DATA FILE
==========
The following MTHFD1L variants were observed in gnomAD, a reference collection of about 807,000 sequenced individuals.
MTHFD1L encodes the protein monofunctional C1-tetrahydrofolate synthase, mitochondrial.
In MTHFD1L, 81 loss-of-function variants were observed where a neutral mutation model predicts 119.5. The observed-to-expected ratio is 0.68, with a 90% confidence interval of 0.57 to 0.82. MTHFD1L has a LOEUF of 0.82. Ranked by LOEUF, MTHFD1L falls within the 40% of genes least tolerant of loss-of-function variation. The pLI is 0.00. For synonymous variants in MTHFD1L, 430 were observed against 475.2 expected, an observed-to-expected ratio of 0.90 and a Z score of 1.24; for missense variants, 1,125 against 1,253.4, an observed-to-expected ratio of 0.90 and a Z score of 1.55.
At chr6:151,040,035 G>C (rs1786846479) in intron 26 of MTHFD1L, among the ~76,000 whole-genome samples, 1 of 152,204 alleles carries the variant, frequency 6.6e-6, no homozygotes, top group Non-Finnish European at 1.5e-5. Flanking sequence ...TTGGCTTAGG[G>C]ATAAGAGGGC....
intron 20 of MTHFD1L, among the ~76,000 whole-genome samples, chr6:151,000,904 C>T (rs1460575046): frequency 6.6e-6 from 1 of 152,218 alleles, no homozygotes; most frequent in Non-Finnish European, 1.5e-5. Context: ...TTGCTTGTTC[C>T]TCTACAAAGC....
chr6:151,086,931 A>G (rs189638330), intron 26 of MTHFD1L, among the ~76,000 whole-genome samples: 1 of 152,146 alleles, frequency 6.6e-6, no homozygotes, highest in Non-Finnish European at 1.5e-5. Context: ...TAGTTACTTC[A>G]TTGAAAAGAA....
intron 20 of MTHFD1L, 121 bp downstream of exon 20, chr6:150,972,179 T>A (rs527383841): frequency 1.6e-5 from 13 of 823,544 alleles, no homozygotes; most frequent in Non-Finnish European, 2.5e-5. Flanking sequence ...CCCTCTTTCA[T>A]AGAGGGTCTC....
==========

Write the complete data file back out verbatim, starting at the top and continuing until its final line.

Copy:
The following MTHFD1L variants were observed in gnomAD, a reference collection of about 807,000 sequenced individuals.
MTHFD1L encodes the protein monofunctional C1-tetrahydrofolate synthase, mitochondrial.
In MTHFD1L, 81 loss-of-function variants were observed where a neutral mutation model predicts 119.5. The observed-to-expected ratio is 0.68, with a 90% confidence interval of 0.57 to 0.82. MTHFD1L has a LOEUF of 0.82. Ranked by LOEUF, MTHFD1L falls within the 40% of genes least tolerant of loss-of-function variation. The pLI is 0.00. For synonymous variants in MTHFD1L, 430 were observed against 475.2 expected, an observed-to-expected ratio of 0.90 and a Z score of 1.24; for missense variants, 1,125 against 1,253.4, an observed-to-expected ratio of 0.90 and a Z score of 1.55.
At chr6:151,040,035 G>C (rs1786846479) in intron 26 of MTHFD1L, among the ~76,000 whole-genome samples, 1 of 152,204 alleles carries the variant, frequency 6.6e-6, no homozygotes, top group Non-Finnish European at 1.5e-5. Flanking sequence ...TTGGCTTAGG[G>C]ATAAGAGGGC....
intron 20 of MTHFD1L, among the ~76,000 whole-genome samples, chr6:151,000,904 C>T (rs1460575046): frequency 6.6e-6 from 1 of 152,218 alleles, no homozygotes; most frequent in Non-Finnish European, 1.5e-5. Context: ...TTGCTTGTTC[C>T]TCTACAAAGC....
chr6:151,086,931 A>G (rs189638330), intron 26 of MTHFD1L, among the ~76,000 whole-genome samples: 1 of 152,146 alleles, frequency 6.6e-6, no homozygotes, highest in Non-Finnish European at 1.5e-5. Context: ...TAGTTACTTC[A>G]TTGAAAAGAA....
intron 20 of MTHFD1L, 121 bp downstream of exon 20, chr6:150,972,179 T>A (rs527383841): frequency 1.6e-5 from 13 of 823,544 alleles, no homozygotes; most frequent in Non-Finnish European, 2.5e-5. Flanking sequence ...CCCTCTTTCA[T>A]AGAGGGTCTC....